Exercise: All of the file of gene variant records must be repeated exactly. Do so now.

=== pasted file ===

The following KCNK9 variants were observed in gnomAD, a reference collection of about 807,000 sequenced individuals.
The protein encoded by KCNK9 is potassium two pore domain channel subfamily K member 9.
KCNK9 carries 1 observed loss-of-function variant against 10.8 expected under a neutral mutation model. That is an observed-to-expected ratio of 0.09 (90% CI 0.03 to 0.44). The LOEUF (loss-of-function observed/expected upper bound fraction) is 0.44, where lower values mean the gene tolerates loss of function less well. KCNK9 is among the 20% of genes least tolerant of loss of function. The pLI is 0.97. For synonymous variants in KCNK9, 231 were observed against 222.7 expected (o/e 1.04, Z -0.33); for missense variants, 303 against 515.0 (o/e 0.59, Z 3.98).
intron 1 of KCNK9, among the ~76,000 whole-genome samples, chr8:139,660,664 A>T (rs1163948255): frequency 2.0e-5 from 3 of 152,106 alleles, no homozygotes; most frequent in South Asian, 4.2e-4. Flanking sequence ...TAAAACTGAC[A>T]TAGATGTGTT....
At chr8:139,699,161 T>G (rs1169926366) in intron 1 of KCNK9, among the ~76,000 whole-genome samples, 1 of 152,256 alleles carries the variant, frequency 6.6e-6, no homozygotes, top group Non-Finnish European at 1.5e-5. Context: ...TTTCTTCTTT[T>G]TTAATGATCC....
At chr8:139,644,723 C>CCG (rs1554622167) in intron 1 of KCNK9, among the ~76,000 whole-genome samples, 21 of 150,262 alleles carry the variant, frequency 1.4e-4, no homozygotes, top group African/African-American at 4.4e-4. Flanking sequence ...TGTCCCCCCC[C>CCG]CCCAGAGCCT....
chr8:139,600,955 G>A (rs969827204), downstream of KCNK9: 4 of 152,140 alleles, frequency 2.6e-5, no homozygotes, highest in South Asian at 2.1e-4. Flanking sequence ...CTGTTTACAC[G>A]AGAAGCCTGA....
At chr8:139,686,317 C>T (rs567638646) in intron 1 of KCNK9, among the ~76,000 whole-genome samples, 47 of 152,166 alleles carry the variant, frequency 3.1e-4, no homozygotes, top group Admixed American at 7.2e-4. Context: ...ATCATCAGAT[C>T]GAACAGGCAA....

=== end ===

The following KCNK9 variants were observed in gnomAD, a reference collection of about 807,000 sequenced individuals.
The protein encoded by KCNK9 is potassium two pore domain channel subfamily K member 9.
KCNK9 carries 1 observed loss-of-function variant against 10.8 expected under a neutral mutation model. That is an observed-to-expected ratio of 0.09 (90% CI 0.03 to 0.44). The LOEUF (loss-of-function observed/expected upper bound fraction) is 0.44, where lower values mean the gene tolerates loss of function less well. KCNK9 is among the 20% of genes least tolerant of loss of function. The pLI is 0.97. For synonymous variants in KCNK9, 231 were observed against 222.7 expected (o/e 1.04, Z -0.33); for missense variants, 303 against 515.0 (o/e 0.59, Z 3.98).
intron 1 of KCNK9, among the ~76,000 whole-genome samples, chr8:139,660,664 A>T (rs1163948255): frequency 2.0e-5 from 3 of 152,106 alleles, no homozygotes; most frequent in South Asian, 4.2e-4. Flanking sequence ...TAAAACTGAC[A>T]TAGATGTGTT....
At chr8:139,699,161 T>G (rs1169926366) in intron 1 of KCNK9, among the ~76,000 whole-genome samples, 1 of 152,256 alleles carries the variant, frequency 6.6e-6, no homozygotes, top group Non-Finnish European at 1.5e-5. Context: ...TTTCTTCTTT[T>G]TTAATGATCC....
At chr8:139,644,723 C>CCG (rs1554622167) in intron 1 of KCNK9, among the ~76,000 whole-genome samples, 21 of 150,262 alleles carry the variant, frequency 1.4e-4, no homozygotes, top group African/African-American at 4.4e-4. Flanking sequence ...TGTCCCCCCC[C>CCG]CCCAGAGCCT....
chr8:139,600,955 G>A (rs969827204), downstream of KCNK9: 4 of 152,140 alleles, frequency 2.6e-5, no homozygotes, highest in South Asian at 2.1e-4. Flanking sequence ...CTGTTTACAC[G>A]AGAAGCCTGA....
At chr8:139,686,317 C>T (rs567638646) in intron 1 of KCNK9, among the ~76,000 whole-genome samples, 47 of 152,166 alleles carry the variant, frequency 3.1e-4, no homozygotes, top group Admixed American at 7.2e-4. Context: ...ATCATCAGAT[C>T]GAACAGGCAA....